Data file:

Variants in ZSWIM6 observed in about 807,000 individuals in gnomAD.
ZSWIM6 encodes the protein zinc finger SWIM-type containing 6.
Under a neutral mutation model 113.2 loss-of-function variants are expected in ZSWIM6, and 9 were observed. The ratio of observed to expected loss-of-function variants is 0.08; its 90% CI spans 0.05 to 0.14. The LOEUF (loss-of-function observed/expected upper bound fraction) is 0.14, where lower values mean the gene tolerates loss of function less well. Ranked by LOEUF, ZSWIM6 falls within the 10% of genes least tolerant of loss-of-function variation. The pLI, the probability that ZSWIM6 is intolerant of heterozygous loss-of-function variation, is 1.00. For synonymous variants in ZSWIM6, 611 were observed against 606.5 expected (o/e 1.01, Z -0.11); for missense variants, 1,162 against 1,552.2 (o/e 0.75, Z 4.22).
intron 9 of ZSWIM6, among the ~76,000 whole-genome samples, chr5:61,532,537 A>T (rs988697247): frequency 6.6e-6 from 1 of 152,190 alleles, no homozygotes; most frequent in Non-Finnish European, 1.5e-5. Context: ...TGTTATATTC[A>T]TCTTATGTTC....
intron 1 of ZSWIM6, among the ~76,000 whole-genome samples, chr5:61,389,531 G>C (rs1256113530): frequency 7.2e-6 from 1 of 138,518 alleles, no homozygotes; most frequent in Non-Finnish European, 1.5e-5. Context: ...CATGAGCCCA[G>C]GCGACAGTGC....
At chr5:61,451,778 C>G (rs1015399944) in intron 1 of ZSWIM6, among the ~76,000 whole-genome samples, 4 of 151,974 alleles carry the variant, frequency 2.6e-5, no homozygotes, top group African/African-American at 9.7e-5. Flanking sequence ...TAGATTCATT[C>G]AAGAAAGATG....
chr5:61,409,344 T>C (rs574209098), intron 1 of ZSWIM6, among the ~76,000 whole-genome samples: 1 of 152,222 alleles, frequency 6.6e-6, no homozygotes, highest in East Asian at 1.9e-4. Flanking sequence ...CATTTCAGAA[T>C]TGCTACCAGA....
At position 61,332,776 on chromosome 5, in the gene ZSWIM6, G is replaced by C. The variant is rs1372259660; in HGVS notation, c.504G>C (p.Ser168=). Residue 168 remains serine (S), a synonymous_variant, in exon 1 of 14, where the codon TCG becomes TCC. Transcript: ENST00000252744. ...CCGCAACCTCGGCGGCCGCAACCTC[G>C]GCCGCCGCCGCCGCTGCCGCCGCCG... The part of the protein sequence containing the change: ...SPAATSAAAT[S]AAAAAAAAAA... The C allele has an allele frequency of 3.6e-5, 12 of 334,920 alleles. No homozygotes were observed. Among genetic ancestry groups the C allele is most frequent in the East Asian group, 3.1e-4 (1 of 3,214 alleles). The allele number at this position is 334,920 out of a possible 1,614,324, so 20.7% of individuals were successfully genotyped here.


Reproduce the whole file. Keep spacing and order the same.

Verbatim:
Variants in ZSWIM6 observed in about 807,000 individuals in gnomAD.
ZSWIM6 encodes the protein zinc finger SWIM-type containing 6.
Under a neutral mutation model 113.2 loss-of-function variants are expected in ZSWIM6, and 9 were observed. The ratio of observed to expected loss-of-function variants is 0.08; its 90% CI spans 0.05 to 0.14. The LOEUF (loss-of-function observed/expected upper bound fraction) is 0.14, where lower values mean the gene tolerates loss of function less well. Ranked by LOEUF, ZSWIM6 falls within the 10% of genes least tolerant of loss-of-function variation. The pLI, the probability that ZSWIM6 is intolerant of heterozygous loss-of-function variation, is 1.00. For synonymous variants in ZSWIM6, 611 were observed against 606.5 expected (o/e 1.01, Z -0.11); for missense variants, 1,162 against 1,552.2 (o/e 0.75, Z 4.22).
intron 9 of ZSWIM6, among the ~76,000 whole-genome samples, chr5:61,532,537 A>T (rs988697247): frequency 6.6e-6 from 1 of 152,190 alleles, no homozygotes; most frequent in Non-Finnish European, 1.5e-5. Context: ...TGTTATATTC[A>T]TCTTATGTTC....
intron 1 of ZSWIM6, among the ~76,000 whole-genome samples, chr5:61,389,531 G>C (rs1256113530): frequency 7.2e-6 from 1 of 138,518 alleles, no homozygotes; most frequent in Non-Finnish European, 1.5e-5. Context: ...CATGAGCCCA[G>C]GCGACAGTGC....
At chr5:61,451,778 C>G (rs1015399944) in intron 1 of ZSWIM6, among the ~76,000 whole-genome samples, 4 of 151,974 alleles carry the variant, frequency 2.6e-5, no homozygotes, top group African/African-American at 9.7e-5. Flanking sequence ...TAGATTCATT[C>G]AAGAAAGATG....
chr5:61,409,344 T>C (rs574209098), intron 1 of ZSWIM6, among the ~76,000 whole-genome samples: 1 of 152,222 alleles, frequency 6.6e-6, no homozygotes, highest in East Asian at 1.9e-4. Flanking sequence ...CATTTCAGAA[T>C]TGCTACCAGA....
At position 61,332,776 on chromosome 5, in the gene ZSWIM6, G is replaced by C. The variant is rs1372259660; in HGVS notation, c.504G>C (p.Ser168=). Residue 168 remains serine (S), a synonymous_variant, in exon 1 of 14, where the codon TCG becomes TCC. Transcript: ENST00000252744. ...CCGCAACCTCGGCGGCCGCAACCTC[G>C]GCCGCCGCCGCCGCTGCCGCCGCCG... The part of the protein sequence containing the change: ...SPAATSAAAT[S]AAAAAAAAAA... The C allele has an allele frequency of 3.6e-5, 12 of 334,920 alleles. No homozygotes were observed. Among genetic ancestry groups the C allele is most frequent in the East Asian group, 3.1e-4 (1 of 3,214 alleles). The allele number at this position is 334,920 out of a possible 1,614,324, so 20.7% of individuals were successfully genotyped here.